Explaining the basis, catalyst of historic crude price drop

April 28, 2020 By    

History was made this past week when May West Texas Intermediate (WTI) crude fell to negative $40.32 per barrel before closing at $37.63. Prior to this occurring, crude had never traded in negative numbers. In today’s Trader’s Corner, we are going to explore how and why this happened.

The foundation of the event was set in motion by the COVID-19 pandemic. As we are all aware, governments have asked citizens to shelter in place to avoid spreading the virus at a rate that would overwhelm available medical services. The result has been a dramatic decrease in global crude consumption. Most estimates have demand down 20 to 25 million barrels per day (bpd) from pre-pandemic levels.

It was a dramatic shift in demand, and the supply side has been too slow to react. The result has been extreme oversupply that has most available crude storage nearing capacity. For example, the major U.S. trading hub of Cushing, Oklahoma, where crude futures contracts are settled, has 76 million barrels of storage. Working storage is probably even less.

Last week, the U.S. Energy Information Administration (EIA) reported Cushing inventory at 59.741 million barrels, up 4.776 million barrels for the week ending April 17. At that rate, Cushing storage would be at max storage in just over four weeks. That would be during the week of May 11. Industry analyst Genscape pegged inventory at over 60 million barrels and said inventory had increased 9 million barrels during the week of April 17. At that rate, inventory may already be nearing capacity.

In its last report, the EIA estimated that U.S. crude production was at 12.2 million bpd, which is down about 900,000 bpd from its highs earlier this year. However, U.S. refinery throughput is down 4.127 million bpd since last year at just 12.456 million bpd and falling. Meanwhile the United States imported about 2 million bpd more than it exported. The United States was producing or importing 1.747 million bpd or around 12.2 million barrels per week more than refinery demand. That much crude moved to storage. It is easy to see that at that rate, storage at Cushing and other storage locations will fill quickly.

That’s the basis of the problem, but the expiration of the May crude contracts requiring players to settle all outstanding contracts was the catalyst that drove prices into the negative.

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Chart: Cost Management Systems. Click to enlarge.

The table to the right shows data provided by the Commodity Futures Trading Commission on crude futures contracts for April 14. It shows there were 2,353,955 commercial and non-commercial crude contracts in play. A contract is 1,000 barrels. A commercial contract is held by someone that is in the crude business in some way. A non-commercial player is not in the business but is speculating. This could be hedge funds, banks and similar businesses. There were 890,279 of those contracts in play on April 14. Some of those would have been for May crude.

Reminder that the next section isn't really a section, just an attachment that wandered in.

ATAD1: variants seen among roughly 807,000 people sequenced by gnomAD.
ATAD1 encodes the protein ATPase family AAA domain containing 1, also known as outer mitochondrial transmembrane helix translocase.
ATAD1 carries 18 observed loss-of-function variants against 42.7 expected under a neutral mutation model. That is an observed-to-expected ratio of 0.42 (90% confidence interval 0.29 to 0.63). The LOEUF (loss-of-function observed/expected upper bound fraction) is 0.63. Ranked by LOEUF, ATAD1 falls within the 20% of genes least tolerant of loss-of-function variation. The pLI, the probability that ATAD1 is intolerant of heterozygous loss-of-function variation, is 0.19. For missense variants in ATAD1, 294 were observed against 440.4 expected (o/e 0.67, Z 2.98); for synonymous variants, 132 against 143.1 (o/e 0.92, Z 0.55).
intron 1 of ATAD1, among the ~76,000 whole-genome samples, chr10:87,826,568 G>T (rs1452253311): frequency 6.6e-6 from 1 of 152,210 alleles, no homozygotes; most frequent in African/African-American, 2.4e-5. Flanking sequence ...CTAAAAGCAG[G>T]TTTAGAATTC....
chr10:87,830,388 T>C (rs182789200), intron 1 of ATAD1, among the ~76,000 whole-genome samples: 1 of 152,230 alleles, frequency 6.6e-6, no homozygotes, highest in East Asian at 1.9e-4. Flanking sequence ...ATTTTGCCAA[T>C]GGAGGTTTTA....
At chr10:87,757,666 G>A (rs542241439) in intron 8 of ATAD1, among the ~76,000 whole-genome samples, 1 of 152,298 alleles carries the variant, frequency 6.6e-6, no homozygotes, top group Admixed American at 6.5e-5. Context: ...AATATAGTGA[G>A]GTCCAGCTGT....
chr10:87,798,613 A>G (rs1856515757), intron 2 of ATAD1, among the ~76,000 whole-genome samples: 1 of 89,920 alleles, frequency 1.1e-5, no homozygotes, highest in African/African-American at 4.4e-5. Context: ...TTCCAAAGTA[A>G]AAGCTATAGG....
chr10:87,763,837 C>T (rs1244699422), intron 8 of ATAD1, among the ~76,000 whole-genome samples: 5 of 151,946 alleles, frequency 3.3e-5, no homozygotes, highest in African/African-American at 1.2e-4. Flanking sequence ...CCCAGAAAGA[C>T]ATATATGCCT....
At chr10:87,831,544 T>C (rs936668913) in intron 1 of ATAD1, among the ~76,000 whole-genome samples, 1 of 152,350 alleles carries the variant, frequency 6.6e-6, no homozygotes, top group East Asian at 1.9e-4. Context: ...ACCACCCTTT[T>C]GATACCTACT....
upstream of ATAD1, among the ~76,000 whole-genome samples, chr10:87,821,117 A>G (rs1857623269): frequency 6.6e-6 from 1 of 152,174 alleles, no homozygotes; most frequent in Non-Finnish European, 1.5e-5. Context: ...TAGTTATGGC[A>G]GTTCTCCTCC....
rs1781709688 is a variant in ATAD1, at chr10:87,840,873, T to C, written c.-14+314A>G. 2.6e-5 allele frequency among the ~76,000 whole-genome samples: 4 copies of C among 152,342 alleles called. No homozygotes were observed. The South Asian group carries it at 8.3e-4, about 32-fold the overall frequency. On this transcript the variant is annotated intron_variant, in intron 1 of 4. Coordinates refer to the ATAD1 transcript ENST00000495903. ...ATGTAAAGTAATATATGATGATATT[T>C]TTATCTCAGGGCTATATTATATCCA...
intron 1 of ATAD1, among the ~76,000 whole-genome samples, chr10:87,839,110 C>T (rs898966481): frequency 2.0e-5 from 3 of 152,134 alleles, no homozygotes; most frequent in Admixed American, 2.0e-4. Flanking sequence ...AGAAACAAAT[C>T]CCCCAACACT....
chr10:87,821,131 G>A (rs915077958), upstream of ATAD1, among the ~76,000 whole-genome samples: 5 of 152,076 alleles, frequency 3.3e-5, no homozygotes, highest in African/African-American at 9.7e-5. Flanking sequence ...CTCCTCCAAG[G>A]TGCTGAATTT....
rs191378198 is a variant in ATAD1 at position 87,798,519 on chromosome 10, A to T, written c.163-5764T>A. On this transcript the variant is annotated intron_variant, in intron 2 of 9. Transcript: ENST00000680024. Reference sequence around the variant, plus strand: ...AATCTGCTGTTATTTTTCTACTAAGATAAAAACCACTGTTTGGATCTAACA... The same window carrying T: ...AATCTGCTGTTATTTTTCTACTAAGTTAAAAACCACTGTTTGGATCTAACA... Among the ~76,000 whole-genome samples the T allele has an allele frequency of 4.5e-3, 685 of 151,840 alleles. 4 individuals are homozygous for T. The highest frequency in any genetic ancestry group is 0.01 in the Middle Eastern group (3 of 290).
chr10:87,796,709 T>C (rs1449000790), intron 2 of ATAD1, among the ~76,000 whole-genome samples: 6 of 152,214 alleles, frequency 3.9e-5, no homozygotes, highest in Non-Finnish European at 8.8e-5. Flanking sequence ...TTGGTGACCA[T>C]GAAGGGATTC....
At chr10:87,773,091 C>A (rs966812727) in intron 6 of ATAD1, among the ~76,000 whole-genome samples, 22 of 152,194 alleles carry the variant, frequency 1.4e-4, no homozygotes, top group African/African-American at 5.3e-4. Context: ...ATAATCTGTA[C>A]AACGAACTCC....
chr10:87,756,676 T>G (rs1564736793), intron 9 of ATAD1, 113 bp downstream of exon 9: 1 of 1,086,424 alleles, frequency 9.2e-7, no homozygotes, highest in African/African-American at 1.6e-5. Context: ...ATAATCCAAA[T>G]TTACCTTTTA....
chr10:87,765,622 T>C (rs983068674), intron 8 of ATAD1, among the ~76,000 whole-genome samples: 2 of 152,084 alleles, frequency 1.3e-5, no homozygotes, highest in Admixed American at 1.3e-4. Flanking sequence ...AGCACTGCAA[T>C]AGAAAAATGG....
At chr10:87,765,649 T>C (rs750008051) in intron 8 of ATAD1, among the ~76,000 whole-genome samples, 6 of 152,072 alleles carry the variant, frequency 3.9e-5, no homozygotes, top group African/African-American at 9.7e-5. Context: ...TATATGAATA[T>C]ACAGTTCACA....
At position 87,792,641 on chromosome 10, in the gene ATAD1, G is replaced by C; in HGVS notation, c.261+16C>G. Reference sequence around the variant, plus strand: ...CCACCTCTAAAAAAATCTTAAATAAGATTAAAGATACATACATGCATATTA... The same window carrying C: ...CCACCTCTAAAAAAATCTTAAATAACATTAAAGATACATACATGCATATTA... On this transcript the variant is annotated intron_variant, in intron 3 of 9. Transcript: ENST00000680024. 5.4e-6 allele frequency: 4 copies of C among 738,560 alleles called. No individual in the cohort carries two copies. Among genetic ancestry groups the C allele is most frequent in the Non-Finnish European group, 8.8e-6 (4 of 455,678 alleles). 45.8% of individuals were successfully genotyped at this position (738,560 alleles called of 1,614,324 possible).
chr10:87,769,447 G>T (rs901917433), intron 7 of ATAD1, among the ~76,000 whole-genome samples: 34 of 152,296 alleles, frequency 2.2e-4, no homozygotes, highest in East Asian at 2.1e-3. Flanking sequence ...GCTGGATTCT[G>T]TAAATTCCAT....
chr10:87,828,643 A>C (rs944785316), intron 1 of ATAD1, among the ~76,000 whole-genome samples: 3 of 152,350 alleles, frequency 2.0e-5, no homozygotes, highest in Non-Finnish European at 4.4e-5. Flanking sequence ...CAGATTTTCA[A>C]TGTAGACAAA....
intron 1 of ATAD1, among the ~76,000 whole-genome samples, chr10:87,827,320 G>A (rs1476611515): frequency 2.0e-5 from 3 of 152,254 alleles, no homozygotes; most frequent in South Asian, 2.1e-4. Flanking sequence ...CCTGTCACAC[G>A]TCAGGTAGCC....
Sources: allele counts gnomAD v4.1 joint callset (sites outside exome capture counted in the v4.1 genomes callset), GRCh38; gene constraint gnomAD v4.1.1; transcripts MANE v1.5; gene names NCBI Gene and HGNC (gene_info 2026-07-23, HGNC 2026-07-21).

When a non-commercial player takes a “paper” position on a commodity, they never expect to physically take delivery of the crude they bought. In fact, they probably don’t have the ability to take the physical product. They plan to sell the position to someone that can take the barrels at a profit before the contract expires. Of course, if prices fall, the position would be sold at a loss – such is the nature of speculation. The assumption is there will be some commercial player that can buy the position, which has always been the case in a liquid (highly traded) market like WTI crude.

But the crude market has become illiquid as there are too many sellers (longs trying to close) and not enough buyers (those needing crude for use or storage). Refiners don’t want it; they are reducing runs and U.S. storage facilities are nearly full. Anyone with the capability to take barrels knows there isn’t enough demand or storage to take what is on the books, so those longs are literally paying to get the few players left with the ability to take barrels.

Some of the longs are trying to roll the positions, which means they would sell the May and buy a future month. That keeps the out months higher than the current or front month. However, if the fundamental situation isn’t resolved, prices in future months will go down. Those rolling barrels could find themselves in the same position at the end of next month.

There is an exchanged-traded fund known as the United States Oil Fund (USO) that got much of the blame for the fall of May crude. Supposedly, the USO has made policy changes that may mitigate the problem in the future. However, the only sure way to avoid the possibility of a repeat is for more U.S. production to be shut and less imports taken.

That is going to result in less propane supply. Propane demand has remained fairly strong through COVID-19 for various reasons. A reduction in oil and gas production is going to support higher propane prices as long as propane demand holds up.

Call Cost Management Solutions today for more information about how Client Services can enhance your business at (888) 441-3338 or drop us an email at info@propanecost.com.

About the Author:

Sarah Peecher was a digital media content producer at LP Gas.

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